Sitting in the Keys West parking lot and arranging gear at 10:00am, the first thing we noticed was that it was already quite warm. By the time we finally ditched the car, lathered up with sunscreen, and hit the trail, the heat was even more intense. Despite planning a spring trip to Joshua Tree and being blessed with a cooler weekend, there was no escaping the Mojave sun. As a couple of Chicagoans on vacation however, we elected to embrace the warmth and spirits were high as desert sand replaced the parking lot beneath our feet.

Accustomed to steeper terrain, Emma and I felt as if we were flying over the gentle grades around Keys West. This, combined with fresh legs and a sense of wonder from walking amongst the Joshua Trees, yucca, and prickly pear propelled us to an early arrival at the Willow Hole junction. Impressed with how quickly we were covering ground, we disregarded our late start and decided to take the well-regarded detour towards Willow Hole. A hard right turn steered our course away from the endless flat path across the Mojave and toward the low ridges that dotted the horizon.

In no time, the trail brought us to a dried-up wash that steadily meandered its way through an opening in the rocky outcroppings. As the sand got finer beneath our feet, the ridges got higher on either side until we were surrounded by what would probably classify as a miniature mountain range. We’d later learn this area was called the “Wonderland of Rocks”. Just as we were discussing how it would be the perfect place to learn to boulder, a couple of dirty guys appeared with crash pads strapped to their backs and waved hello. About a half mile later, we came across a conspicuously green thicket of desert willows, indicating the trail’s terminus. Almost certain that the dense stand of trees was concealing an oasis, we charged ahead until we came out on the other side. Quiet and scenic, we chose this secluded spot to stop for a quick lunch break.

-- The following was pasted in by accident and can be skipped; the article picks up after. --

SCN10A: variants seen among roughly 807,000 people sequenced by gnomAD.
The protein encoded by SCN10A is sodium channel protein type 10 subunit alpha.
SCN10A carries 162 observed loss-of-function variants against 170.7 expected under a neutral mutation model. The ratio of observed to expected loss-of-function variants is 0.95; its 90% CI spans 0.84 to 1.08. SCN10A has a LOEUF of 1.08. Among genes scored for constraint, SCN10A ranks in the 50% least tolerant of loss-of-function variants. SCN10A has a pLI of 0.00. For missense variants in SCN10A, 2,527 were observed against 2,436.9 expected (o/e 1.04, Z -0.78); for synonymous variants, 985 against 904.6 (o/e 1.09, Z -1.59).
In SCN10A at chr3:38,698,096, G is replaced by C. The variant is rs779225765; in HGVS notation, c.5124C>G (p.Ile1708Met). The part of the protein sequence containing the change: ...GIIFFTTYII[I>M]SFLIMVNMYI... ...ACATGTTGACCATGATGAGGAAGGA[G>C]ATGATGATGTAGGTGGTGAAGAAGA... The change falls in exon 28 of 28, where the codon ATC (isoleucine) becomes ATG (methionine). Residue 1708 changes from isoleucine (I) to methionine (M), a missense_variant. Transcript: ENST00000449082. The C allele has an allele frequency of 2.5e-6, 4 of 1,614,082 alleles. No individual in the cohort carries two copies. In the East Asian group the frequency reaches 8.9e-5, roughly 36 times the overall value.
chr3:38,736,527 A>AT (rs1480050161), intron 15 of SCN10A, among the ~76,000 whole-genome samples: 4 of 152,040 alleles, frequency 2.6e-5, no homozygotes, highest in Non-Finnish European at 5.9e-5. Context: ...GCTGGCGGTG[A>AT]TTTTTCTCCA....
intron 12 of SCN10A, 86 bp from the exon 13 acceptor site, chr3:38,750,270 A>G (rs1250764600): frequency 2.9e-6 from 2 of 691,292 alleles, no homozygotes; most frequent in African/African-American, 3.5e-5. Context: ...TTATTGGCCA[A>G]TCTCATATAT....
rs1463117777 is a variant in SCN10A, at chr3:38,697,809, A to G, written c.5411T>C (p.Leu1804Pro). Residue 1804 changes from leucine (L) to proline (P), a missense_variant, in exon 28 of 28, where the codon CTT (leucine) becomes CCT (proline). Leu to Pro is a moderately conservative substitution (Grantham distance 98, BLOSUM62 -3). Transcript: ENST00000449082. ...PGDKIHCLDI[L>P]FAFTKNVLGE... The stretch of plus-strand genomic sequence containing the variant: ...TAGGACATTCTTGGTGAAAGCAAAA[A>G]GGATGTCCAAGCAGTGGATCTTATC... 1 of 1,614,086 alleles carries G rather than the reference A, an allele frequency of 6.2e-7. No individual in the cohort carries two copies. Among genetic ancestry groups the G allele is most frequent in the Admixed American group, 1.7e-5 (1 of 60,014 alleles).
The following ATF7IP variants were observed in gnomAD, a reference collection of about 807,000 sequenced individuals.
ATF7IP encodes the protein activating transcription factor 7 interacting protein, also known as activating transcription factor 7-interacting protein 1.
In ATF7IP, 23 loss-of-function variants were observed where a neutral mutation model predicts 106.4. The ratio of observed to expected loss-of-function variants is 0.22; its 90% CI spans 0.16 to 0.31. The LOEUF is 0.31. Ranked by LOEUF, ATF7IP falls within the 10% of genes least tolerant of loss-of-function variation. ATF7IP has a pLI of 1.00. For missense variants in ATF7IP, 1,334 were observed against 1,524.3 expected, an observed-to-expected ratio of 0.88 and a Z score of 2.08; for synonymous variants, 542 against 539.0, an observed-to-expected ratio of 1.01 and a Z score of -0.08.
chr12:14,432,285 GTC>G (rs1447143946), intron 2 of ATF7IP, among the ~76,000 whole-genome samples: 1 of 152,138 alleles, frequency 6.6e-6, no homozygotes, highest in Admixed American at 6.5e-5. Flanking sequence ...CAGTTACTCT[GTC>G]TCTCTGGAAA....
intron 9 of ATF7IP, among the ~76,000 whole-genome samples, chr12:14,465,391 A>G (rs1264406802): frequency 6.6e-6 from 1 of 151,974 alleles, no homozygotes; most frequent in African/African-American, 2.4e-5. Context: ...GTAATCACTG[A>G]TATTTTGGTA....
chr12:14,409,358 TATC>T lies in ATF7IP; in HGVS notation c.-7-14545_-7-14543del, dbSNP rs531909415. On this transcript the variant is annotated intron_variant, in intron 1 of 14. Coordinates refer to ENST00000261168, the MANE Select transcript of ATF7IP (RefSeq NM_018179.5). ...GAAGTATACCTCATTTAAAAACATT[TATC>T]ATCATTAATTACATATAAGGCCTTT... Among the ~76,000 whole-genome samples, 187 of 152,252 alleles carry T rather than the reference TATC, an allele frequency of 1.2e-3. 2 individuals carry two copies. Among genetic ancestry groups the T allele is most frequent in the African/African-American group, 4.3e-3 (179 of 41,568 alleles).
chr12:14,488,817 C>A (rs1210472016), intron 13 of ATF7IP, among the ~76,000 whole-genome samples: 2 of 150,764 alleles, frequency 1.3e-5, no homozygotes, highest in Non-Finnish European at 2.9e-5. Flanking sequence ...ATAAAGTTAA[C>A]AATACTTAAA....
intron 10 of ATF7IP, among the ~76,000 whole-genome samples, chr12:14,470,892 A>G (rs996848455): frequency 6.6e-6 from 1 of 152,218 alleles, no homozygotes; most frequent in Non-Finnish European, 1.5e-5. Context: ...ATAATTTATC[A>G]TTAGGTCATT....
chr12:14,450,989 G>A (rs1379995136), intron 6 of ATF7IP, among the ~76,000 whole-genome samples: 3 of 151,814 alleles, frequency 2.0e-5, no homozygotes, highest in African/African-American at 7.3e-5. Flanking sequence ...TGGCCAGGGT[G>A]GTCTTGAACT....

After lunch we did a little exploring, performing our best Bighorn Sheep impressions on the smooth rock. Once tired of climbing around, we retraced our steps all the way back to the junction. By this time, we were in the heat of the day and starting to sunburn despite the frequent re-application of sunscreen. As we walked, I realized my immense gratitude for both the flat terrain and my strategic decision a week prior to trade my man-bun in for a short fade. The flat path through the dispersed forest of Joshua Trees continued for a little over four miles, at which point, the outcroppings began to reappear.